(Money Marketing) - Traditionally, the DNA of the average model portfolio still retains a mixture of funds and passive ETFs across fixed income and equities which give the investor diversification and some level of outperformance.
However, the meteoric rise of passive ETF investing has done two things to the traditional model portfolio.
Firstly, the difficulty of active funds to outperform mainstream markets since 2008 has been notable which has prompted an exodus out of active funds into passive ETFs. This move has seen model portfolio swell with passive investments over active ones.
Secondly, with fees on passive investing being a fraction of those charged by active funds, model portfolios have been able to keep their fees low via using large amounts of passive funds over their more expensive active peers.
The difficulty of active funds to outperform mainstream markets since 2008 has been notable which has prompted an exodus out of active funds into passive ETFs.
This feeds nicely into the question of how this investing evolution positions investors in the extreme volatility of today’s market.
Growth vs value in 2022
The battle being waged in 2022’s market is an aggressive switch from growth stocks into value, ostensibly because investors have woken up to the idea that central banks are about to try and remove almost all fiscal stimulus (quantitative easing and interest rate hikes) in one go and that has not gone down well at all.
It’s akin to a parent telling a child they cannot have another slice of cake. The immediate reaction is one of tears but it’s been removed for the right reasons in the long term. Obviously at the time the child doesn’t see it that way.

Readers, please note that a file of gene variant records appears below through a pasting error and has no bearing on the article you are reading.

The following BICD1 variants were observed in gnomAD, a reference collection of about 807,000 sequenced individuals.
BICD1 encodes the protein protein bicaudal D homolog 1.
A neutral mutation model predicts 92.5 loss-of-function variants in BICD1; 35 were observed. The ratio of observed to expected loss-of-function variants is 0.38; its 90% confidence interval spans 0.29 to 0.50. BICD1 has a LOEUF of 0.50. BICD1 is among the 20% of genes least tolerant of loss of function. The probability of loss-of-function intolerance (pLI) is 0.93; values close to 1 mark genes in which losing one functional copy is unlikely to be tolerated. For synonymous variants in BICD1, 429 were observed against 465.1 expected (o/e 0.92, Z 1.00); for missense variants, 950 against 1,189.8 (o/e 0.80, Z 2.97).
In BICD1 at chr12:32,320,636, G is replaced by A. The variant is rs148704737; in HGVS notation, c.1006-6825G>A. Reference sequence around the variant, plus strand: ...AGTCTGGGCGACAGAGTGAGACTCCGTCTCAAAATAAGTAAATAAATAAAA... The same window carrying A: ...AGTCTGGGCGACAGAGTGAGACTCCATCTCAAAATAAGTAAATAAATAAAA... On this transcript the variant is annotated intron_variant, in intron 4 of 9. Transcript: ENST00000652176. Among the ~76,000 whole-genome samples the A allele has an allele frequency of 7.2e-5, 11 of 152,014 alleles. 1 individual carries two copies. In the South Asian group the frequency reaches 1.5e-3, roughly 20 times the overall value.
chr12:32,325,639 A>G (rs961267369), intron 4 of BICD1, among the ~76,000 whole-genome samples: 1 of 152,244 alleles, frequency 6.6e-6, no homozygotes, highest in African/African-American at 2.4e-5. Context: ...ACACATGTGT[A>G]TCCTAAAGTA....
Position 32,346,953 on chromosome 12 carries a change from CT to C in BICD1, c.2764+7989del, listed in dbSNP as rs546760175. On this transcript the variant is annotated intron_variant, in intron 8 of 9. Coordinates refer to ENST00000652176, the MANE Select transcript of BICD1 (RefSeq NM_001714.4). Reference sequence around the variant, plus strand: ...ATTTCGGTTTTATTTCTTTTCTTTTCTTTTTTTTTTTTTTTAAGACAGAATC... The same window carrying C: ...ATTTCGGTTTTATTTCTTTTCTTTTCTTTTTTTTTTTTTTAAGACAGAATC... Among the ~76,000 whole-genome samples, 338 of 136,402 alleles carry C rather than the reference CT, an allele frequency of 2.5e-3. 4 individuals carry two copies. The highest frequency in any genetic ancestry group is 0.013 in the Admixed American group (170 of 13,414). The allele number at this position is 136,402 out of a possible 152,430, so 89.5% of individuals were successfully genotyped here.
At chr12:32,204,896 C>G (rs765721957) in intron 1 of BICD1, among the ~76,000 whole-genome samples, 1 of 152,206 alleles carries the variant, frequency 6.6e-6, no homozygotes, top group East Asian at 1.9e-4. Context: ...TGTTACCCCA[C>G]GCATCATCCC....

Passive ETFs in this volatile market have no choice but to own the hugely over valued growth stocks getting sold off. In the US, the situation is particularly bad given how much of the S&P 500 is dominated by growth stocks. Avoiding exposure to the explosive parts of the market remains the mainstay of why people buy active funds over passive and it’s something I would wager a good few investors are being reminded of now.
Choosing the right tools
As we know investing is all about looking forward not back, so let’s look forward. It’s clear we are no longer in a market which just wants to go up and up, much to the dismay of passive investors. It’s also clear active management remains a tool to deliver a) portfolio returns but also b) protect those returns when the fur starts to fly, as it presently is – this second point usually gets overlooked in a bull market.
It’s clear we are no longer in a market which just wants to go up and up, much to the dismay of passive investors.
One must also concede, the fund industry cannot continue to charge excessive fees for active management. With ever-increasing levels of competition for client assets and a dramatic step up in rhetoric from the FCA about protecting clients through not over charging on fees, it’s clear pricing pressures are here to stay. Much to the benefit of the end investor. Hurrah!
If active management still needs a place in investors’ portfolios but so does competitive pricing, the question is surely: how can we deliver an active portfolio of high quality active portfolio for all clients (not just high-net-worth) for a passive price?
My answer comes back to the core of what an investment service means to me. It’s a professional investor using their experience and research on behalf of others to construct a portfolio to outperform the market but selected from funds and fund managers who are offering something different or something better than their competitors.
All too often it is these innovative boutiques that lose out to the flagship global funds with tens of billions under management. For those willing to invest into these opportunities often comes with very attractive low fees for doing so.
In 2010 there was such a fund house looking for founder investors. Fundsmith.
This goal of searching out boutique investment opportunities and competitive pricing forms the style of nimble, active portfolio which remains well-suited to this unpredictable market as well as doing so at a price point in the realm of passive investing.
By James Penny
James Penny is chief investment officer of TAM Asset Management